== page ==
Posts Tagged ‘US healthcare’

Sunday 8 November 2009

Early morning in Philadelphia. From my hotel room I watch the sun rising over the Delaware River.

Yesterday I saw a different sun rising – a motif carved on the back of the chair in which George Washington presided over the signing of the Constitution of the United States of America after months of wrangling in 1787. At the time, Benjamin Franklin, sage and polymath, whose knowing presence is everywhere here in historic Philadelphia, observed, ‘now, at length, I have the happiness to know it is a rising and not a setting sun.’

Yesterday I switched on the TV during an ad break. First up was one of the interminable screamers from the NO lobby in the great healthcare reform debate. What about the $800 billion bill? All those inflated taxes? Can they guarantee you can keep your own doctor? Your current insurance company? Can they promise healthcare won’t be rationed? Persuade your congress representative to vote NO for the Public Option.

Then in quick succession: an ad for the statin Crestor to control your cholesterol – ‘if you have difficulty paying for medication, Astra-Zeneca may be able to help;’ and Reddi-Wip real ready-whip cream – dessert just isn’t dessert without Reddi-Wip.

Today I switched on the TV and everything has changed. The House of Representatives has passed its sweeping healthcare reform bill by a narrow margin – 220 votes to 215. Although it still has a few hoops to jump through before it becomes law, the way is now paved for the biggest extension of healthcare insurance coverage since the introduction of Medicare 40 years ago. The vast majority of the 46 million Americans without insurance will, by law, have to be covered. The federal government will offer its subsidised insurance scheme (the Public Option) in competition with the established health insurers. Radical change will happen through a largely market-driven shakedown within a framework set by government.

Later today I will be attending the Grand Opening of the Annual Meeting of the American Public Health Association – a colloqium several thousand strong, held this year in Philadelphia’s magnificent convention centre which, rather like Manchester’s, was once a busy railway terminus.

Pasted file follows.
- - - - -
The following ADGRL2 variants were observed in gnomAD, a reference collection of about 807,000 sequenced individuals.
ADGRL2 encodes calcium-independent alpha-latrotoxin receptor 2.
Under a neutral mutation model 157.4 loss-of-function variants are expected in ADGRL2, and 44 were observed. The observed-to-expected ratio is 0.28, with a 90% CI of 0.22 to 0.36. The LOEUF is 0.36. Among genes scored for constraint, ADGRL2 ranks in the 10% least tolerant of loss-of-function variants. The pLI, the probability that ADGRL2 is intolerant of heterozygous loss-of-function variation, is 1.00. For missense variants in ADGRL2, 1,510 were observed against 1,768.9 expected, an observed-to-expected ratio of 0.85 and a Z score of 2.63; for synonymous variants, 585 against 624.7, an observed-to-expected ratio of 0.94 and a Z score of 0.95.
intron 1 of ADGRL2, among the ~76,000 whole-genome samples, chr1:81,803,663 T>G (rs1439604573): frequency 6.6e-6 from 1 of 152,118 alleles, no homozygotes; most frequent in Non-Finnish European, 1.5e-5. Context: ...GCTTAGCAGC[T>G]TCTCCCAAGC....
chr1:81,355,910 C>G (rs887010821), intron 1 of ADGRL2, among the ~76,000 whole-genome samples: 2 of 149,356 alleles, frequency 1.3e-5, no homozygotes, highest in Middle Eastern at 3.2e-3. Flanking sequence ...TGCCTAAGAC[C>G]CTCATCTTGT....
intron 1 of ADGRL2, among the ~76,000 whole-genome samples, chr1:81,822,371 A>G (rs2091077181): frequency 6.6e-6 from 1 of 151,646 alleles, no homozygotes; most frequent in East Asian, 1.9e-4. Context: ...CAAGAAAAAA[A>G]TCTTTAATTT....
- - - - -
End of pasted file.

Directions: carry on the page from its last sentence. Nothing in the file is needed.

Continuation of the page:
You can guarantee the place will be abuzz with talk of the healthcare vote. The atmosphere will be electric. It will light up the whole conference. I doubt there’ll be a soul there who isn’t absolutely thrilled at the prospect of such a huge change to US healthcare. It is truly momentous.

Barack Obama’s powerful pre-vote speech invoked the call of history – rather in the same vein as the ringing statements of the Founding Fathers here in Philadelphia.  And, fingers crossed, it seems to have been answered. As Ben Franklin might have said, methinks the sun, at long last, shows promising signs of rising.

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Here I am, enjoying a little summer frivolity up at the Edinburgh Fringe, and it seems to me there isn’t a stand-up standing who hasn’t made some play with swine flu or obesity or the crack-down on binge drinking. From Rhod Gilbert to Rich Hall, from Jason Byrne to Stewart Lee, they’ve all had a go at public health one way or another.

Meanwhile quite a few of the musical cabarets are getting in on the act too. The Oompah Band are sending up the credit crunch with lots of brassy references to redundancy, repossessed homes and the horrors of being down-and-out. Fascinating Aida do a hilarious song about health and safety on children’s outings and a wonderful calypso about the impact of climate change in the Shetlands. And yes, the comedy group I’m singing in, Instant Sunshine, can’t resist joining in with a number about the perils of the demon drink.

But what a strange time I’m having. One minute I’m talking seriously on the radio, down the line from the BBC’s Edinburgh studio, about ham sandwiches, candle wax and the risk of cancer, and the next I’m up on stage singing a silly song about a showjumper who’s lost his horse. One minute I’m on Sky News debating the joys of the NHS versus the inequities of the US healthcare system, and the next I’m impersonating the Queen opening a desperately unfinished Olympic site in 2012.

But hey, that’s showbiz for you. Instant Sunshine’s stuff is gently humorous, utterly inoffensive and, let’s face it, a little dated. We first came here in 1975 and have been back every other year since, thanks to a small but faithful following. There have been thousands of acts on the Fringe, but we are probably the longest-serving. Certainly our queue has by far the most zimmer frames.

 It’s all great fun and utterly frivolous. And I suppose, if it makes people happy for a while, it’s public health – kind of – isn’t it?

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